Notes on the fall Feasts, 7-1, 7-10, 7-15 - 7-21
Trumpets: A call to a new beginning, to earnest and sincere preparation for the coming new dispensation (year or Kingdom). More specifically the 'ten days of awe' leading to the High Holy Day - the Day of Atonement. The blowing of trumpets is to remind us of our sin and need for repentance. It is to remind us of our obligation to remind God of his covenant and promises to us (Israel) - that they should be fulfilled.
Yom Kippur: This represents the completion of our week of 'work'. It is the High Priest's most laborious day - obtaining for the people a covering and removal of their sins. It is a day of fasting and humiliation, the most solemn and fearful day of the year, - the outcome never assured. If successful, this final atonement achieves reconciliation to the Father. Ultimately Yom Kippur typifies the work of the divine family reconciling the human family to God. The Son taking on flesh, living perfectly, offering himself as the unblemished Passover Lamb, He passes the nurturing and building work to the Holy Spirit for the long 'summer', which culminates now in the finishing work of Yom Kippur. All human lack is met and provided for in atonement - the covering of sin, appeasing of God's wrath, of forgiveness, of annulment of vows and debt, and of healing. The two sets of clothes, golden and white linen, the components of the Ark - gold and wood, the two bloods from the two sacrificial animals, indicates the blending of the divine and the human. As the body of Messiah we must clarify the mystery surrounding Yom Kippur. We are not only the recipients of atonement but as priests in the order of Melchizedek we too must 'work' (war) on Yom Kippur.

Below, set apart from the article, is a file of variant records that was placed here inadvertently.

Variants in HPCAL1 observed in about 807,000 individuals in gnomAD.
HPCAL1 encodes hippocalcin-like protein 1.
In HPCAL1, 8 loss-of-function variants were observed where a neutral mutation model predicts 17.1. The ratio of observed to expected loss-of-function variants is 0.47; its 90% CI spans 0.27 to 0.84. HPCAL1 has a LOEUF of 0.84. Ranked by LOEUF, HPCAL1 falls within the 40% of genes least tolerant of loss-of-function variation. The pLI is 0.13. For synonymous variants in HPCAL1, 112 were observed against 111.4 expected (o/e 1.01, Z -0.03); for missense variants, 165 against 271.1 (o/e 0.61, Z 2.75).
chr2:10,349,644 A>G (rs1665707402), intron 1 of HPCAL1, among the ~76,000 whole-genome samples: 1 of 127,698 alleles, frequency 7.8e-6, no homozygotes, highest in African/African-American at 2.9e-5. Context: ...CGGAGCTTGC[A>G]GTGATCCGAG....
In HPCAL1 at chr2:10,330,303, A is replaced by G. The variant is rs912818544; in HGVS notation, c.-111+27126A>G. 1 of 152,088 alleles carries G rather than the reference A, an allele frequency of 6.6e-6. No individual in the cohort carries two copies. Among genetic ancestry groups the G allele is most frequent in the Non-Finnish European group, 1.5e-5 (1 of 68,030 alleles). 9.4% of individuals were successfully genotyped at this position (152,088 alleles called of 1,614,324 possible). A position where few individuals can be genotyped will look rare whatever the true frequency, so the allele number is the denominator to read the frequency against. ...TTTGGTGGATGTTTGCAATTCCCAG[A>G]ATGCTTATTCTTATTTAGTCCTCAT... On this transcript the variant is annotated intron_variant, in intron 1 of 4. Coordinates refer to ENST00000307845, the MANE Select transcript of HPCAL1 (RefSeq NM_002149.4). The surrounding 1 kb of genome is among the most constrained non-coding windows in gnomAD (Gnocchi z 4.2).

Tabernacles: Victory, harvest, rest, joy, oneness, are some of the words that characterize the Feast of Tabernacles. We enjoy the fruitfulness of the year (week, dispensation) while we also look back in thankfulness to important aspects of our journey. Specifically, we remember the booths we lived in when we were in the wilderness. It was in the wilderness (of our need, of our humanity) that we laid the foundations of resting in the land (our God-likeness). The booth we built and perfected during the week of work now can be filled with the presence and glory of God. It is from this 'Tabernacle' of God that all the nations will one day dwell secure, eating from the tree of life and drinking from us.